K-8 has released Canvastic 3, adding various features such as an eyedropper, smart spell check, and four different brush shapes. Unlike other K-8 publishing programs such as Kid Pix, Canvastic eliminates frivolous options such as clever erasers, aiming to gradually bring children into the world of professional publishing programs such as Illustrator and Photoshop. As students advance in Canvastic, teachers can gradually increase options, tailoring tool windows to particular users or grade levels. The program requires Mac OS X 10.2.8 or later, and is available for $60 per license; group packages start at $230 for five computers.
iStyles has released its spring collection of skins, fitting the iPod video and the second-generation iPod nano. Each one is created with custom artwork, such as an argyll pattern, a Cuban collage, or stylized cats. The iPod skins are made of adhesive-backed vinyl, and use UV-resistant inks and a clear protective layer to prevent damage. Application and removal is promised to be mess-free. The collection is on sale now, with Nano skins priced at $7 apiece, while iPod video skins are $8. Zune versions are also available.
iCoustic is offering its iCoustic guitar line designed to work as both a replacement for more than one instrument and as part of a larger digital collection. The guitars each feature a built-in amplifier and speaker placed in the soundhole to avoid distortion, and play the sound of any device connected via a standard minijack input. The company recommends iPods and includes a side holster to grip the Apple-branded music player while strumming. Users can also share the music with any pro audio recording equipment through a quarter-inch jack, and can use the audio between two iCoustic models to play sound from one through the other. Pricing varies with each model, but nearly any existing design can be converted upon request.
Following its recent cameras, Olympus has also revealed the WS-331M. A voice recorder by nature, the handheld includes three grades of mono or stereo WM recording that lets it capture as much as 555 hours of dialog on its built-in 2GB of flash storage. MP3 and WMA playback, however, turn the device into an impromptu music player with up to 500 songs. The device is also one of the few to escape the need for a cable or a dock -- as with other recent Olympus models, the 331M opens to connect directly to a computer's USB port for quicker transfers. One AAA battery is enough to power the device for 21 hours. Models should arrive in US stores by April at a price of $200.
Fujitsu today introduced what it claims is the highest capacity, full speed notebook drive ever released, Reports electronista. The MHW2160BJ spins its twin 80GB platters at 7200RPM, surpassing the capacity of previous 7200 RPM notebook drives by 60 percent, and the spindle speed of previous 160GB notebook drives by 33 percent. The drive and its smaller 80GB and 120GB variants are also some of the first to ship with Serial ATA II support for burst transfers of up to 300MB per second, while power consumption is low, peaking at 2.3 watts under high demand, the company claims. All three capacities should be available worldwide by May; pricing is not yet available.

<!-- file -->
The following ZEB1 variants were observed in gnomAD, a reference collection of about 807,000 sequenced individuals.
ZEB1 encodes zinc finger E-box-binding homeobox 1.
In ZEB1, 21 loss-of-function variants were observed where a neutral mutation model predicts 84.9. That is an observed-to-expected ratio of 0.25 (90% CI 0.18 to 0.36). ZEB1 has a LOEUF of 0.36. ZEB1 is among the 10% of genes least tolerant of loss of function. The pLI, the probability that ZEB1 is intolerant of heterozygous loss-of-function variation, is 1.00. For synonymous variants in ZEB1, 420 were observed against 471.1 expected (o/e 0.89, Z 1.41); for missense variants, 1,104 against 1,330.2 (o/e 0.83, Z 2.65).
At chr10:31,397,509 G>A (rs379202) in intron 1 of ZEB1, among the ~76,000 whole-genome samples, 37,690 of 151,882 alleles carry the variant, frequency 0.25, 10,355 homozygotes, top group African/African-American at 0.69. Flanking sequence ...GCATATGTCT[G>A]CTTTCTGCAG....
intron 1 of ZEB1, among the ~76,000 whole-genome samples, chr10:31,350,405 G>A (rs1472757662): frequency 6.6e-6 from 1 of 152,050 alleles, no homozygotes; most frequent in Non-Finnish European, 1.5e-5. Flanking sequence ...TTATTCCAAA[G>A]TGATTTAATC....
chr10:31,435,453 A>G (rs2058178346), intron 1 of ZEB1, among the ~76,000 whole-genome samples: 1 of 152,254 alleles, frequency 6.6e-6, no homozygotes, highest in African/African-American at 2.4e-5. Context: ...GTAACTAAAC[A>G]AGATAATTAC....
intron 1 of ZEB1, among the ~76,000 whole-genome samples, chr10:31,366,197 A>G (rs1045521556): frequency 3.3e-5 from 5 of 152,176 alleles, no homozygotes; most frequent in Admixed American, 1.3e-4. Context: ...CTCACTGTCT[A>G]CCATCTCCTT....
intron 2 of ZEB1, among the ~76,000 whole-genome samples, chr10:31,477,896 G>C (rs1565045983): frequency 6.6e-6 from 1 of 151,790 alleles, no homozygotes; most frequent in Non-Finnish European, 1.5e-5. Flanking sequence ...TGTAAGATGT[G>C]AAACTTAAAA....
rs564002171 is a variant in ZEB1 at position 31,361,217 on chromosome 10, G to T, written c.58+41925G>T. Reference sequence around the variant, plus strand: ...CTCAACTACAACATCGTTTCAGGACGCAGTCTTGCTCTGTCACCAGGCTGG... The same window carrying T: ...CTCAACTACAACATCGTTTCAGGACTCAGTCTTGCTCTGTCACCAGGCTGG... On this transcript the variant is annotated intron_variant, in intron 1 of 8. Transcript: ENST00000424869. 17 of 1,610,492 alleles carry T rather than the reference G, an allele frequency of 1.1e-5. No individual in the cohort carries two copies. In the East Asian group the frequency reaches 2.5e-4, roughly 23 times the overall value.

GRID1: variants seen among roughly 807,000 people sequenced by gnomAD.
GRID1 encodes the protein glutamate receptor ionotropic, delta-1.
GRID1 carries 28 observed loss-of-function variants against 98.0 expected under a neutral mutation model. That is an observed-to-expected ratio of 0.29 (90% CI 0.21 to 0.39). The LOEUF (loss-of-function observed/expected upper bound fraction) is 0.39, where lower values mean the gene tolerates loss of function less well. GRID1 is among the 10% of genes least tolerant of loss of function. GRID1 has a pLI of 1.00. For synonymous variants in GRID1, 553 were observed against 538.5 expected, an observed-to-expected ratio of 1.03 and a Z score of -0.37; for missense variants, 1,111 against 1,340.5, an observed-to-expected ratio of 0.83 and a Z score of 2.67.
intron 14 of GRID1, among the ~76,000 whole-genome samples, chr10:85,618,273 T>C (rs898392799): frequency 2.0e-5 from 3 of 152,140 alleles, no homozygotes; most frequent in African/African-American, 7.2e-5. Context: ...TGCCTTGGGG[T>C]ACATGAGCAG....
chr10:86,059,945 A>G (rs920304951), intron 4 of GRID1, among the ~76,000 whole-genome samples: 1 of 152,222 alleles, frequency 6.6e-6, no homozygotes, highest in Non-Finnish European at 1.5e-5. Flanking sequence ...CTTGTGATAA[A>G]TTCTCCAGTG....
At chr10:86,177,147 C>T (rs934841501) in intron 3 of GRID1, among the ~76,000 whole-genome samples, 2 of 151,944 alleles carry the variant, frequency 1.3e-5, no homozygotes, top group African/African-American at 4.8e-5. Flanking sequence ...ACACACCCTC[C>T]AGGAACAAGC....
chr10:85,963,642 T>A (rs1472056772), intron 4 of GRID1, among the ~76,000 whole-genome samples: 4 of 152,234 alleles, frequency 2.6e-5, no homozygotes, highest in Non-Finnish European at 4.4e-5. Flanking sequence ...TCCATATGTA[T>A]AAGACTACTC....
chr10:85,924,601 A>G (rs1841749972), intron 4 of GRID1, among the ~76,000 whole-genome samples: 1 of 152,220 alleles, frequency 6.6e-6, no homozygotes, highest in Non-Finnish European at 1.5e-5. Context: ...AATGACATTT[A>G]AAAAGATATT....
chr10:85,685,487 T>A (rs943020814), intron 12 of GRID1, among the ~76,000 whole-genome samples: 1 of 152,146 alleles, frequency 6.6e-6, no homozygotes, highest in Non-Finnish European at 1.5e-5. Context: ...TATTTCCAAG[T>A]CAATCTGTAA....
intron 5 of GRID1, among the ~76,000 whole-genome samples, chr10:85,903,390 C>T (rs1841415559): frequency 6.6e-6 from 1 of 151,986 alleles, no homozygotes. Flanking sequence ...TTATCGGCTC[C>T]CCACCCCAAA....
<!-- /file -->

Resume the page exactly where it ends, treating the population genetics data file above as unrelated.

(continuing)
The recently revived Commodore brand today announced that it would at last return to the computer market at CeBIT next week. While keeping silent on most details, the company says it will launch a high-end gaming PC at the Hannover expo, marking a "new chapter in its history" with the design. There will be some 'very exciting' features revealed at the March 15th launch, Commodore says. The introduction marks thirteen years since the company last produced computers, with the original Commodore computer company shutting its doors in 1994 and remaining largely dormant until the Dutch firm Tulip bought it in 2003. The resurrected Commodore has focused primarily on media jukeboxes such as the Gravel in Pocket until today. [via Pro-G]
AT&T today introduced phone control for its Homezone service, giving owners a relatively unique option for controlling their TV shows. The new feature takes advantage of the network connection in the Homezone set-top box to let any phone with a WAP 2.0 browser view listings through a special Yahoo portal, and then add or remove shows to the recording schedule. This lets avid TV viewers queue up shows even while commuting home from work. Options will exist in the future for SlingPlayer-like options for viewing content through the cellphone itself. Using the new technology requires a combination of services, according to AT&T: subscribers must have satellite TV either through AT&T or Dish, as well as the former's DSL and Homezone services. The latter costs $10 per month and includes the new feature as of today. [via News.com]